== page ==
As we continue to uncover the history of handcrafted cars in the 40s and 50s, we collate, organize, and share what we learn continuing to build a comprehensive database showing the nationwide – and worldwide – movement in building your own sports car in the early postwar era.
But that’s not all we’re looking at.
We’re also studying how this history was looked at and written about after the era ended by authors and researchers alike. Here’s a snapshot into some of those early articles:
- 1967: Article in Automobile Quarterly in 1967 and was titled “What Happened to American Sports Cars.”
- 1971: Article in Special Interest Autos on the Maverick
- 1972: Automobile Quarterly article by Bob Fendell on “Plastic Cars: Where They’ve Been and Where They’re Going”
- 1972: Article in Cars & Parts featuring Milestone Era Plastic Cars
- 1974: Article in Special Interest Autos on the Woodill Wildfire
- 1974-1975: A series of articles titled the “Quarter Centry Chroicle” by Perry Zavitz published in Car Classics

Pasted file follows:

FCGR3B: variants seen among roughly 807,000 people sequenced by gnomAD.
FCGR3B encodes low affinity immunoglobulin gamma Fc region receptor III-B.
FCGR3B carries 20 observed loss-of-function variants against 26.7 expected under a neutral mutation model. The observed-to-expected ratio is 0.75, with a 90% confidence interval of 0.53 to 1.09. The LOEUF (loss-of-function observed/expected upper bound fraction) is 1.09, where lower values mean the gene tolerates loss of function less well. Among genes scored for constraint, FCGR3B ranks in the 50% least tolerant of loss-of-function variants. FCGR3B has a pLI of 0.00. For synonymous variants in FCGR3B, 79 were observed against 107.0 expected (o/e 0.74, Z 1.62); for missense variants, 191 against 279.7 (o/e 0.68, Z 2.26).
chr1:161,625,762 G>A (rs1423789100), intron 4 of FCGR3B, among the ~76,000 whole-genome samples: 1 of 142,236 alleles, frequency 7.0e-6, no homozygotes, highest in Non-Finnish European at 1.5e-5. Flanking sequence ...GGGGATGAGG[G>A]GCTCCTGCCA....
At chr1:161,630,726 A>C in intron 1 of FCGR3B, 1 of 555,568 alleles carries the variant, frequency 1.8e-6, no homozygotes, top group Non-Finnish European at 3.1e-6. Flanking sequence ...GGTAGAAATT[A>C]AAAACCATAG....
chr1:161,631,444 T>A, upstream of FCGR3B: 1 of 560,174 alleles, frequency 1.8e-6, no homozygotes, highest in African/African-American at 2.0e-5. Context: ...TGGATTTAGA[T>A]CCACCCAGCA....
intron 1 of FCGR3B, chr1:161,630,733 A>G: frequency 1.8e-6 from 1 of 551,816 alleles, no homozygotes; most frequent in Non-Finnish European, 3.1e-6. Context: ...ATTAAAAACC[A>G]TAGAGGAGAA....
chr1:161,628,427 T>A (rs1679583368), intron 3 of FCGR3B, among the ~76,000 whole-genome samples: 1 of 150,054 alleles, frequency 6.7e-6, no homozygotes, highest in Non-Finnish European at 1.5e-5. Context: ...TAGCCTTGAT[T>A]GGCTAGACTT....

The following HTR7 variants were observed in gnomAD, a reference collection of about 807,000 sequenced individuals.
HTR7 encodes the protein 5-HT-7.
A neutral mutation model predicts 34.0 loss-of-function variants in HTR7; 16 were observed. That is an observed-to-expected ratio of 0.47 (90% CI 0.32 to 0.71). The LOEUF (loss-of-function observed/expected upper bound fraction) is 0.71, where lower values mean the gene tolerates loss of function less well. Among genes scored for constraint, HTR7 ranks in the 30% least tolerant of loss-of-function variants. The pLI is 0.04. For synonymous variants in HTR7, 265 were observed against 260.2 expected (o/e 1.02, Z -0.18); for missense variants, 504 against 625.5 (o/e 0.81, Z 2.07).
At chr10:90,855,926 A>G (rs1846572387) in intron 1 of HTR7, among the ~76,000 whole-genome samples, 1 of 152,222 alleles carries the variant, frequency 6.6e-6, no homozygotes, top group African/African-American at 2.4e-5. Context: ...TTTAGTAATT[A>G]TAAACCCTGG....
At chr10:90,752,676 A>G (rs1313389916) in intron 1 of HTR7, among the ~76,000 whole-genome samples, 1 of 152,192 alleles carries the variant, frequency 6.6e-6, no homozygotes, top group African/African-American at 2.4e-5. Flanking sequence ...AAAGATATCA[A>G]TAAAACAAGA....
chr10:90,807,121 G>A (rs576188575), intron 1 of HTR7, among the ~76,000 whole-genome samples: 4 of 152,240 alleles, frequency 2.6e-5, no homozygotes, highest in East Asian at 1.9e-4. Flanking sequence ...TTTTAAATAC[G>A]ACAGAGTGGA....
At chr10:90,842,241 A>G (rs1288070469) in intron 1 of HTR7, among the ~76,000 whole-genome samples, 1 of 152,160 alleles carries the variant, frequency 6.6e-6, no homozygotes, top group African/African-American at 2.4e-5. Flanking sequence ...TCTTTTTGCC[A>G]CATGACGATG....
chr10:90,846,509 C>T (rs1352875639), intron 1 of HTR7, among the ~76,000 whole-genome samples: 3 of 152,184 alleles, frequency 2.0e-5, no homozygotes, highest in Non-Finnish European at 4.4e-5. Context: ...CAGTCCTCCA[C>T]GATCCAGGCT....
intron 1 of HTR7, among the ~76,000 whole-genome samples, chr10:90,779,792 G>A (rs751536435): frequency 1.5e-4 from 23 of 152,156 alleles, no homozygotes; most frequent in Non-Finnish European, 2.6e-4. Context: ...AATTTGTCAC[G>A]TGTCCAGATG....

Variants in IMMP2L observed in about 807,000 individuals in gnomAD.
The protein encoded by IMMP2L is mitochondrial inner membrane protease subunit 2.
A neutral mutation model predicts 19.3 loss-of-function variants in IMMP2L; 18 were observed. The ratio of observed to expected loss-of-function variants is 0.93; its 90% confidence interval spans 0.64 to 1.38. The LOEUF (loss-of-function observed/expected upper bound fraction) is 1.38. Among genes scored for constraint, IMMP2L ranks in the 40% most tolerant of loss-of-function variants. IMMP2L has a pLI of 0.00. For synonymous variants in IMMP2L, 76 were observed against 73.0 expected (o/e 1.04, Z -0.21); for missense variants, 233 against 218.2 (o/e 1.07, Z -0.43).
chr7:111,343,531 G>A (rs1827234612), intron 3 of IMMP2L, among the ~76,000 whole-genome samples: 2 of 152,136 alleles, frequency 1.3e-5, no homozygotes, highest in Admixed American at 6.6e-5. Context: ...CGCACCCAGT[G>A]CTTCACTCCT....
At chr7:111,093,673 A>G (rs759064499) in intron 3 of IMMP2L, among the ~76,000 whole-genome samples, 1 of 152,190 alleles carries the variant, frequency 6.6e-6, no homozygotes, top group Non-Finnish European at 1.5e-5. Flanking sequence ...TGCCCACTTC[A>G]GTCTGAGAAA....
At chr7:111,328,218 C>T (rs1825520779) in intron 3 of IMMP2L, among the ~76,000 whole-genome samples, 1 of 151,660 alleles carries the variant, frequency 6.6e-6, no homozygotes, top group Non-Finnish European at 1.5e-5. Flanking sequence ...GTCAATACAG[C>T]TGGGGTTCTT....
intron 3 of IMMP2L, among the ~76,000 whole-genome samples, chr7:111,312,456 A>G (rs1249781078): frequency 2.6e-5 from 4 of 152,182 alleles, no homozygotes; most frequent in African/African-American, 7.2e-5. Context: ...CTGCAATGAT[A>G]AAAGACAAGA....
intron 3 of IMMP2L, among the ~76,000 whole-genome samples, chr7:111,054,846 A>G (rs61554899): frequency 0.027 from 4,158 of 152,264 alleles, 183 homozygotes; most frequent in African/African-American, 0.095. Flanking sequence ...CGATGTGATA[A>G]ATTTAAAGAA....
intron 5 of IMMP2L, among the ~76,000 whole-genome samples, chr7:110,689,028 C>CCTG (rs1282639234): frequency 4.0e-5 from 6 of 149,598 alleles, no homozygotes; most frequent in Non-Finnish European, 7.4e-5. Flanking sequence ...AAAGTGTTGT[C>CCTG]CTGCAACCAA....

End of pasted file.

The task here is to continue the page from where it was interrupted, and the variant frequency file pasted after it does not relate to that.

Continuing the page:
And some of the early books detailing this history include:
- 1973: “Corvette: America’s Star-Spangled Sports Car” by Karl Ludvigsen
- 1978: “Cars of the 50s” by Consumer Guide
- 1978: “Modern Classics” by Rich Taylor
- 1980: “The Encyclopedia of American Cars 1946-1959” by George Dammann and James Moloney (more about this book in a soon to be released article here at Forgotten Fiberglass)
These articles and books showcase great histories on specific cars as well as the movement of America sports cars in the postwar era. Recently I was made aware of another book by one of the authors above – Rich Taylor – that focused exclusively on the early postwar American sports cars. This book is titled:
The American Sports Racer: From Kurtis to Cobra
What a great find this was indeed! Having an author focus exclusively on the era and its sports cars is a treat to see – especially not long after the era had ended (about 20 years earlier if you use 1959 as the reference point).
Let me share Rich Taylor’s biography which appears at the back of this book to illustrate why this author and this book are important to all of us wanting to learn more about the early postwar history of American sports cars:
Author Biography: Rich Taylor (1979)